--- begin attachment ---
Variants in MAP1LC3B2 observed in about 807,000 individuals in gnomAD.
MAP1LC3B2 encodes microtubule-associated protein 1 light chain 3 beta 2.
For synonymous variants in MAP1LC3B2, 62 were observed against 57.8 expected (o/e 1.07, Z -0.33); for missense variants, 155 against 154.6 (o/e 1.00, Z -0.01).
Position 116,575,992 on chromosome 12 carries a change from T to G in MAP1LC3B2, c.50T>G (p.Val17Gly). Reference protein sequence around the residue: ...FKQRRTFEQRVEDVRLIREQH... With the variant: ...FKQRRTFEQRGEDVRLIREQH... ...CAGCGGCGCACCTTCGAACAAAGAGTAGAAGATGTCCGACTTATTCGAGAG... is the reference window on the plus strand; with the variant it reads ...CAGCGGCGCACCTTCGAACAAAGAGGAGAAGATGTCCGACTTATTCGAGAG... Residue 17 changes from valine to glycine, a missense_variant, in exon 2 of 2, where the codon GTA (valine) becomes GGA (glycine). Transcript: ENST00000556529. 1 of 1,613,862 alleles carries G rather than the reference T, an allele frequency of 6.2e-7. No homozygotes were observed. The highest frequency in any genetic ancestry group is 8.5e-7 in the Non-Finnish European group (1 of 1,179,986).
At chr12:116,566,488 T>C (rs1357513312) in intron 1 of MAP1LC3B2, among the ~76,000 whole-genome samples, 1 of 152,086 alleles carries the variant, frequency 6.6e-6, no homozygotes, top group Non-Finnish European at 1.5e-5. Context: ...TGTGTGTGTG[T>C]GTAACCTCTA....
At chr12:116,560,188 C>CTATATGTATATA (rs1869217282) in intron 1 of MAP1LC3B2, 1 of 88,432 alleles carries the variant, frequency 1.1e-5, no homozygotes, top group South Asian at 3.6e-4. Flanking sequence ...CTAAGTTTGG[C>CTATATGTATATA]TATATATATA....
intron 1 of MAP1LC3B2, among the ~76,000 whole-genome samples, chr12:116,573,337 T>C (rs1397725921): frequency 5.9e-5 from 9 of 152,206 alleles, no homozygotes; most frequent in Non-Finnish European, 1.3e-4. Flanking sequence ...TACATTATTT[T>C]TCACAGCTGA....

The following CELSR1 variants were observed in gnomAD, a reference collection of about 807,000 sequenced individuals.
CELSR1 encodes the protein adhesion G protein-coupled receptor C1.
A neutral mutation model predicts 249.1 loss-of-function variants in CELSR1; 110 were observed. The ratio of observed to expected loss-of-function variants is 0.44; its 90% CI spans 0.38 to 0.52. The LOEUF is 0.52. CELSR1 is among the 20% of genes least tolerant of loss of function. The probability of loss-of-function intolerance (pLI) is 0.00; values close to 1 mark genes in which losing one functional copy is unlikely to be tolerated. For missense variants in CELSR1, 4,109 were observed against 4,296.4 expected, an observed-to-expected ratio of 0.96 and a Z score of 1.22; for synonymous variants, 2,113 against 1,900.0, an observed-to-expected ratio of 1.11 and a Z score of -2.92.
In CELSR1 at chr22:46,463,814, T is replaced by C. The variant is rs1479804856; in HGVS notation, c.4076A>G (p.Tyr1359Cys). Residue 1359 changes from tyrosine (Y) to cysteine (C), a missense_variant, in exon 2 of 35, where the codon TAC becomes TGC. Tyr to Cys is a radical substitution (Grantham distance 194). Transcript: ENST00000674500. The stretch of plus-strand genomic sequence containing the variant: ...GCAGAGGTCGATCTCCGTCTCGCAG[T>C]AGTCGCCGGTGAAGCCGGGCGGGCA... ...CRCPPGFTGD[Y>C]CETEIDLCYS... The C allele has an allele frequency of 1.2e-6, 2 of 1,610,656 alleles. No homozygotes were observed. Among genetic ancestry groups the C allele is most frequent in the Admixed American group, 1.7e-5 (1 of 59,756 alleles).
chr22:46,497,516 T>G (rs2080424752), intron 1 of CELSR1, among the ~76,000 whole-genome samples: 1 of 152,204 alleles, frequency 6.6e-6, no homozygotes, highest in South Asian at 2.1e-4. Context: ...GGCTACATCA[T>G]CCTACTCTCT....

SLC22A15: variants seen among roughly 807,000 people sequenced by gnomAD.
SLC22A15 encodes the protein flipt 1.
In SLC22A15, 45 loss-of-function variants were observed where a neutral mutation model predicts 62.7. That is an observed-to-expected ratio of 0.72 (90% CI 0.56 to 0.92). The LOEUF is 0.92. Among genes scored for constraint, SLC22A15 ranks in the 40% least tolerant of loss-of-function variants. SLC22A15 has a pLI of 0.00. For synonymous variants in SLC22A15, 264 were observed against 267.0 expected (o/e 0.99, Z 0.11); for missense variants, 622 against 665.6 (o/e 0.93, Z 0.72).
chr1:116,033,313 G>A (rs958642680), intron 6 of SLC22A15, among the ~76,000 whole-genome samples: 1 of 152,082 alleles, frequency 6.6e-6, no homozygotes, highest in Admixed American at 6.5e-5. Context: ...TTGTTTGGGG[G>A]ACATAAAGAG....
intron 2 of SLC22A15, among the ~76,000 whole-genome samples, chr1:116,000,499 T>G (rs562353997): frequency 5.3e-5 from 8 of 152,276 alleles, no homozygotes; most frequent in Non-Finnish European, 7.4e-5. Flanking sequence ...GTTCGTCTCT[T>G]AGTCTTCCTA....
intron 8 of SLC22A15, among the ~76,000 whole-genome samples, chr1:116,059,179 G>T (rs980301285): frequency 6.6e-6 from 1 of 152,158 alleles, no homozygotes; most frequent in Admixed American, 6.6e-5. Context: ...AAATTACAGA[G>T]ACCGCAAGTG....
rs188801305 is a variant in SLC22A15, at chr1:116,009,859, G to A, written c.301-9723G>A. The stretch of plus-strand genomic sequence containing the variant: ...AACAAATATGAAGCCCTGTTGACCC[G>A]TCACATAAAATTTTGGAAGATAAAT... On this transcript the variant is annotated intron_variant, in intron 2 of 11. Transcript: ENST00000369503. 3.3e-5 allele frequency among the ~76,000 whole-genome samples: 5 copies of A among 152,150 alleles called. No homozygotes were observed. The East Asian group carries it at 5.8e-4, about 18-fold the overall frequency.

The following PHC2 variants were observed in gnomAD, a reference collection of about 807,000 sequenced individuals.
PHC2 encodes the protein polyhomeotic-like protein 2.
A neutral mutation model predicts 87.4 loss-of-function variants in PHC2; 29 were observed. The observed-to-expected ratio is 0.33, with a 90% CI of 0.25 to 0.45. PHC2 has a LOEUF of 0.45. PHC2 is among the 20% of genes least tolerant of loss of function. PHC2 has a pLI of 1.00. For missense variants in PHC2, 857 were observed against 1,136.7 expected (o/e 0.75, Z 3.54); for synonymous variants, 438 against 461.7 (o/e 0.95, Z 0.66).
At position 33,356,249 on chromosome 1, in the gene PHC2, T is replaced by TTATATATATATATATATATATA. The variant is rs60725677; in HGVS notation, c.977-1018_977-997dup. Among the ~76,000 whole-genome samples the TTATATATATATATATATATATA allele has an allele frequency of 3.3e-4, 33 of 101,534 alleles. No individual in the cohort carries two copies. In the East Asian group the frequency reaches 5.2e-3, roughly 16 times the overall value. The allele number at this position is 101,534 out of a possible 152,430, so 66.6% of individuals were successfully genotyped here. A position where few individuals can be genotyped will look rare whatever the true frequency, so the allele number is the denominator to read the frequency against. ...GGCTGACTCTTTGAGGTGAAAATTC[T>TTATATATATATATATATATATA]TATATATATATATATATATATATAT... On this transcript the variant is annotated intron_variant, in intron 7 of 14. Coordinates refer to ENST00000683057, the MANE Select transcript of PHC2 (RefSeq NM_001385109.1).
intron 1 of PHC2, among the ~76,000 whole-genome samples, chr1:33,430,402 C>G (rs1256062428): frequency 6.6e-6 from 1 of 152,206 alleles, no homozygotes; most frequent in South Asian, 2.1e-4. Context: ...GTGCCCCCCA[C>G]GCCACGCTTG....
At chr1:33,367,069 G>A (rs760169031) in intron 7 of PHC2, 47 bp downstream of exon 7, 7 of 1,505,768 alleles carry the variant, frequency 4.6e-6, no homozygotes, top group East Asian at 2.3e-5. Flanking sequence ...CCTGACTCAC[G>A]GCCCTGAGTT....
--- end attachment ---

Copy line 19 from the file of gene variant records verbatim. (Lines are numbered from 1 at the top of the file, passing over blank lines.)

rs188801305 is a variant in SLC22A15, at chr1:116,009,859, G to A, written c.301-9723G>A. The stretch of plus-strand genomic sequence containing the variant: ...AACAAATATGAAGCCCTGTTGACCC[G>A]TCACATAAAATTTTGGAAGATAAAT... On this transcript the variant is annotated intron_variant, in intron 2 of 11. Transcript: ENST00000369503. 3.3e-5 allele frequency among the ~76,000 whole-genome samples: 5 copies of A among 152,150 alleles called. No homozygotes were observed. The East Asian group carries it at 5.8e-4, about 18-fold the overall frequency.